With Inca paths, stairs and tunnels to spectacular ruins on high mountain sides and passes, surrounding snow capped peaks, deep gorges, exotic vegetation and a wealth of ecological variety, it is no wonder the Inca trail is one of, if not the, most popular walking trail(s) in the world.

There are more than 250 species of orchid on this perambulatory adventure; lush cloud forests with giant ferns and hanging mosses; rare and/or impressive birds, like falcons, hummingbirds and black-chested eagles; and graceful, athletic creatures, like the puma, Andean fox, Taruka (Huemul deer) and wildcat, that may or may not make an appearance along the way. And, of course, at the end of it all, there’s a day exploring the famous Inca ruins of Machu Picchu, with an alpaca or two moseying at your side. Promptly followed, we would suggest, by a brief sojourn in the hot springs of Agua Calientes (Machu Picchu Pueblo).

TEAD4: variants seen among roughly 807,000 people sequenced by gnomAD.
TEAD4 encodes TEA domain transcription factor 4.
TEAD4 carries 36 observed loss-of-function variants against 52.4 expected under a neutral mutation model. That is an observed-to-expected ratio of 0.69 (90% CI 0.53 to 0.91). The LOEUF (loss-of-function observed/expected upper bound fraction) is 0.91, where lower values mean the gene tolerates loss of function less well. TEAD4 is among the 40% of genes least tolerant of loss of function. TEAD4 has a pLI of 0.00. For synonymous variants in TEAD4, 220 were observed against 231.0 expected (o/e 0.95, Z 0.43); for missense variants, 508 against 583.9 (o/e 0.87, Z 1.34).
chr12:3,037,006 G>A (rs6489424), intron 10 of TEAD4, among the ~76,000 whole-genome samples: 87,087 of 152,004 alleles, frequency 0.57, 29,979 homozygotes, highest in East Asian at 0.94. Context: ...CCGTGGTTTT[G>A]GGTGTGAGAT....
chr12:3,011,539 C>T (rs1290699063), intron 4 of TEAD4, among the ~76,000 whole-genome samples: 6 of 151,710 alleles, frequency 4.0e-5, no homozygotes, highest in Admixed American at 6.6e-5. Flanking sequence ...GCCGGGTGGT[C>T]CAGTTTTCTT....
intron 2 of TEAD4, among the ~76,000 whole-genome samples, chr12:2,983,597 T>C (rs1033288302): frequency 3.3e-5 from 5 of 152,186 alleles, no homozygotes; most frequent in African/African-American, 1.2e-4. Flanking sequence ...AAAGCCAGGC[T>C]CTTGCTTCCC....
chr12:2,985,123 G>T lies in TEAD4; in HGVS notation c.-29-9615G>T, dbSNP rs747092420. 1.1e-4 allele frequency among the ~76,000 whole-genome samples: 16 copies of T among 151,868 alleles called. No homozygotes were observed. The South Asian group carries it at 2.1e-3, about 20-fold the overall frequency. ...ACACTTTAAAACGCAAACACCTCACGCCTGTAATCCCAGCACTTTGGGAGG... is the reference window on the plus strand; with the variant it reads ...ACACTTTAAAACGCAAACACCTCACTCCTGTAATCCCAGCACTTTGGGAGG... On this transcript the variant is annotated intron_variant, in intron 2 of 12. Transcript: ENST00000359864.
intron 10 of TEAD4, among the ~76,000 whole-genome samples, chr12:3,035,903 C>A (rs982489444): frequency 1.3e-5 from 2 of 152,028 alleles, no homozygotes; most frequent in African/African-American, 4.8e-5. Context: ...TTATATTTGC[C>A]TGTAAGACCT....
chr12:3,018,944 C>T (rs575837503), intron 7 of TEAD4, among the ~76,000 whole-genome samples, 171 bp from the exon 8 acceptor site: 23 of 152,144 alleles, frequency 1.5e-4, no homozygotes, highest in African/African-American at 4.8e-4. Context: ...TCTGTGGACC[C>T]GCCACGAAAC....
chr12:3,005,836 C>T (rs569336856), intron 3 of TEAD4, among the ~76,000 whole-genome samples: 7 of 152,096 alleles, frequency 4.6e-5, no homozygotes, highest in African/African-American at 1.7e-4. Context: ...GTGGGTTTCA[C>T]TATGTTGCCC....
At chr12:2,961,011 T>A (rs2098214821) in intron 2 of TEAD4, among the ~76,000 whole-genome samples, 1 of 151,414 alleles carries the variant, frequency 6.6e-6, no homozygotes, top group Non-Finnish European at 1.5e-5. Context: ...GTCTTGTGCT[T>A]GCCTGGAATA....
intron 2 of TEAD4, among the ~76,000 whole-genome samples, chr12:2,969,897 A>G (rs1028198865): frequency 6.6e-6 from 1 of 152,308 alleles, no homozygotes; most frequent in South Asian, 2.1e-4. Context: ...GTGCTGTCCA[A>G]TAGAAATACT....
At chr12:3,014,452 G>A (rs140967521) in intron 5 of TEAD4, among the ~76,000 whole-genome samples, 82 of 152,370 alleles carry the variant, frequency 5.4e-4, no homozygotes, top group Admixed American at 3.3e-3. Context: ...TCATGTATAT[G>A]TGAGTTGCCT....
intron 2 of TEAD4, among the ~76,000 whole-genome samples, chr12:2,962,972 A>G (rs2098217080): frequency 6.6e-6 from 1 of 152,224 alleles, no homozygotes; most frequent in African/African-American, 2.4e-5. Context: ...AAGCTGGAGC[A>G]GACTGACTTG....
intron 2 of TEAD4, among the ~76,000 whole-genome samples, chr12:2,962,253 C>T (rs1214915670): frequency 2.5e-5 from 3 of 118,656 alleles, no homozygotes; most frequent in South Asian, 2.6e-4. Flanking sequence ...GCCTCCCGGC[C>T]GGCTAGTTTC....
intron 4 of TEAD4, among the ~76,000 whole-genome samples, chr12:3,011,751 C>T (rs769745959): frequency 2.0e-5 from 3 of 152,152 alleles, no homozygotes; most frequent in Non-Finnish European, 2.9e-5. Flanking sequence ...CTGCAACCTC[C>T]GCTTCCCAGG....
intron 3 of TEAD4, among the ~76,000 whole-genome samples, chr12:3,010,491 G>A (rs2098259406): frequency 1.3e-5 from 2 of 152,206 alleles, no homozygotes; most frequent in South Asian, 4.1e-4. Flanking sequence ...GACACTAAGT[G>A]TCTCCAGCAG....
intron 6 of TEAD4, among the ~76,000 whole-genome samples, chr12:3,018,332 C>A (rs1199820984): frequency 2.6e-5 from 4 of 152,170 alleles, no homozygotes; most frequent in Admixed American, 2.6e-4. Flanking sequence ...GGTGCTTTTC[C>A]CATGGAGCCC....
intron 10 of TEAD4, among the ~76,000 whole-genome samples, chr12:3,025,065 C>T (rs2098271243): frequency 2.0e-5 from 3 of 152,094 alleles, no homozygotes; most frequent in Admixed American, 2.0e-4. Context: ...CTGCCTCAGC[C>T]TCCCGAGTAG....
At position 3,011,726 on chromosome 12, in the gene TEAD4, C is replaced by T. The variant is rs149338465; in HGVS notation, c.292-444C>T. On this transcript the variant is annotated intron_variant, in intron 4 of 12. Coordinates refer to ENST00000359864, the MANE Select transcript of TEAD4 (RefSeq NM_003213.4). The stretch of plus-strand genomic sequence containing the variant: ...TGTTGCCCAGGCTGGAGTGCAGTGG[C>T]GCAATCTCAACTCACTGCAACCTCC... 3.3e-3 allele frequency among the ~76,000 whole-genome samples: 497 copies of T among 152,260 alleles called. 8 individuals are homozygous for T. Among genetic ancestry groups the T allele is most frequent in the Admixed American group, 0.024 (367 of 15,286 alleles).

But be warned. Seemingly everyone, who hasn’t already, harbours a dream of trekking the Inca Trail. Recent conservation concerns have limited the number of permits to 500 a day (200 for tourists and 300 for cooks, porters and guides) and zero for the month of February. As such, you need to book your permit way in advance – currently four months before the date of departure.

In addition, you must be fit enough to walk for five to seven hours a days (on the second day, uphill, non-stop, for two to three hours); you will be sleeping in tents; and, you’ll be camping at altitudes of 3,600 meters, so… it gets really, really cold.

It is also recommended that you arrive in Cusco, preferably by land, two days before your departure, to adequately acclimatise to high altitudes.

There are two- and four-day treks available, but the two-day trek is only really one, with the second day consisting of a pre-dawn trek to Machu Picchu (for which everyone is recommended to bring a headlamp). And while the first day takes you to Wiñayhuayna, the most impressive Inca ruins on the trail (other than Machu Picchu), for a true experience of everything the Inca Trail has to offer, you’ll need to go the full four days.

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